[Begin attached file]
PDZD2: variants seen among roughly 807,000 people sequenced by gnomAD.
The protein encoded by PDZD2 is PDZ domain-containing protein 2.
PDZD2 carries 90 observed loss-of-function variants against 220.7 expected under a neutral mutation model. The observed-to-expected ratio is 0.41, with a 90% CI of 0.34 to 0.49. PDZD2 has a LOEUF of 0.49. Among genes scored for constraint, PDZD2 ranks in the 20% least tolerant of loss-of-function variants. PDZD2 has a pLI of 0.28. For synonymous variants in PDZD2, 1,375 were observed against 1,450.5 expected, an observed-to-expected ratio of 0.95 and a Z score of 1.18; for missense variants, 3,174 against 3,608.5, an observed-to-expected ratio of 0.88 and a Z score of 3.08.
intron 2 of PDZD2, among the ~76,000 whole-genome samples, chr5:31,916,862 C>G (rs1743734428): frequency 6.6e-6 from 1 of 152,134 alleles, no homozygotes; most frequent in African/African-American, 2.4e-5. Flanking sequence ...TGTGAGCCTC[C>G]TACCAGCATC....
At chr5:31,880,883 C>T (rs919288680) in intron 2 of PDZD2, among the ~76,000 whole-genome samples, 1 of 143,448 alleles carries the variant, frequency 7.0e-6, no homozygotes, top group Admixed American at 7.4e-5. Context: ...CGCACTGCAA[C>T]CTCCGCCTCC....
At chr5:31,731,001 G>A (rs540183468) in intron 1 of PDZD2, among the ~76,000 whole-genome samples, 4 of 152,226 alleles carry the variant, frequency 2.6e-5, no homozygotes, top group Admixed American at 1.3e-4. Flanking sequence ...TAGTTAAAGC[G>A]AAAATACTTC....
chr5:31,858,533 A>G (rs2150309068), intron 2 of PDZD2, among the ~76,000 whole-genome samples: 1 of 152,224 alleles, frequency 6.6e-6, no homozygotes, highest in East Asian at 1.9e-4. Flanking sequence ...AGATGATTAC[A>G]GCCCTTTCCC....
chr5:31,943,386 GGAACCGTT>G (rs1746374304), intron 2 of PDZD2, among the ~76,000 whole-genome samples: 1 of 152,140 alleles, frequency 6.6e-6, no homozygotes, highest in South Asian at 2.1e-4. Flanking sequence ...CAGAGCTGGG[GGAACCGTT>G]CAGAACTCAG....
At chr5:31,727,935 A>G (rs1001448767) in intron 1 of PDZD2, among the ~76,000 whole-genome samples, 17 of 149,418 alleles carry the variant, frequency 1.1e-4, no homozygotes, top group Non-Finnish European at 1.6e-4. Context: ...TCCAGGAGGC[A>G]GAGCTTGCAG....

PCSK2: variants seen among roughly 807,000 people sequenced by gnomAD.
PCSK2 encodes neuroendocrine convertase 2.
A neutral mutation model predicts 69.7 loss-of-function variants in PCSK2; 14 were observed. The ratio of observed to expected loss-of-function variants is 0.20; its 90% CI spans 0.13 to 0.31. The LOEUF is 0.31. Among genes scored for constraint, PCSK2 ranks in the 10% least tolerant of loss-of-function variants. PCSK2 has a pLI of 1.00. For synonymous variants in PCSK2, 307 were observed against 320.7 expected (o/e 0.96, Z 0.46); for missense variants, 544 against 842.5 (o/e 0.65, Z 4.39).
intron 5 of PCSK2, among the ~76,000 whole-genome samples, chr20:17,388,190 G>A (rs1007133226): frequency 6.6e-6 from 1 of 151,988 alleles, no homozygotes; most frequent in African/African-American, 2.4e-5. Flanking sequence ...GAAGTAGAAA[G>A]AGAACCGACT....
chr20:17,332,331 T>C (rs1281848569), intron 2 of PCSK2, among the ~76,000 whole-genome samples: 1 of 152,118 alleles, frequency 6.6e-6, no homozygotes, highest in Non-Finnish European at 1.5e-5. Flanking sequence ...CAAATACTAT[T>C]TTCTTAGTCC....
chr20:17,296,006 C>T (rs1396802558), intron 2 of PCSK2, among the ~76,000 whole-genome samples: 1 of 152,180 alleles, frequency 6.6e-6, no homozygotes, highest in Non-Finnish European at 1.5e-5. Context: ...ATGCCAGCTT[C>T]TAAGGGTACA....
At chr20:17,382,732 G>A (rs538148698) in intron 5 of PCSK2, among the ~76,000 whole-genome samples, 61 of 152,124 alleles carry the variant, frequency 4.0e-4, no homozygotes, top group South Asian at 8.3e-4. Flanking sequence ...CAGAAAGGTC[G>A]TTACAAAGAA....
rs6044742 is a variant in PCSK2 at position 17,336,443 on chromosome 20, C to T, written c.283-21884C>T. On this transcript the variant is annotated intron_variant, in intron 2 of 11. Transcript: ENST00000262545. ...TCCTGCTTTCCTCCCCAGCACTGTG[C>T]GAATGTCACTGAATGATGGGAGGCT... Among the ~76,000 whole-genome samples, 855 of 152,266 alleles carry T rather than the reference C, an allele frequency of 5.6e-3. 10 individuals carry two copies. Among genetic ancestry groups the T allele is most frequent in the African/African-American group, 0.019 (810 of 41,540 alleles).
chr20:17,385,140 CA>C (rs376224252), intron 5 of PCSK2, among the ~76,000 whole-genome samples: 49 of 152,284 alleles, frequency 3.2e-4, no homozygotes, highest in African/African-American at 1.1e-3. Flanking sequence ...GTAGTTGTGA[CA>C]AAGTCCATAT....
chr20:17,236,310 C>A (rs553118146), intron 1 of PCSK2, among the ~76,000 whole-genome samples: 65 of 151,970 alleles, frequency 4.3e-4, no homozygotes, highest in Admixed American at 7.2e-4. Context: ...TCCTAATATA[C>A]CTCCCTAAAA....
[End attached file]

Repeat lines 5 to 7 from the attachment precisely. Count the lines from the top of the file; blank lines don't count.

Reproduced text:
At chr5:31,880,883 C>T (rs919288680) in intron 2 of PDZD2, among the ~76,000 whole-genome samples, 1 of 143,448 alleles carries the variant, frequency 7.0e-6, no homozygotes, top group Admixed American at 7.4e-5. Context: ...CGCACTGCAA[C>T]CTCCGCCTCC....
At chr5:31,731,001 G>A (rs540183468) in intron 1 of PDZD2, among the ~76,000 whole-genome samples, 4 of 152,226 alleles carry the variant, frequency 2.6e-5, no homozygotes, top group Admixed American at 1.3e-4. Flanking sequence ...TAGTTAAAGC[G>A]AAAATACTTC....
chr5:31,858,533 A>G (rs2150309068), intron 2 of PDZD2, among the ~76,000 whole-genome samples: 1 of 152,224 alleles, frequency 6.6e-6, no homozygotes, highest in East Asian at 1.9e-4. Flanking sequence ...AGATGATTAC[A>G]GCCCTTTCCC....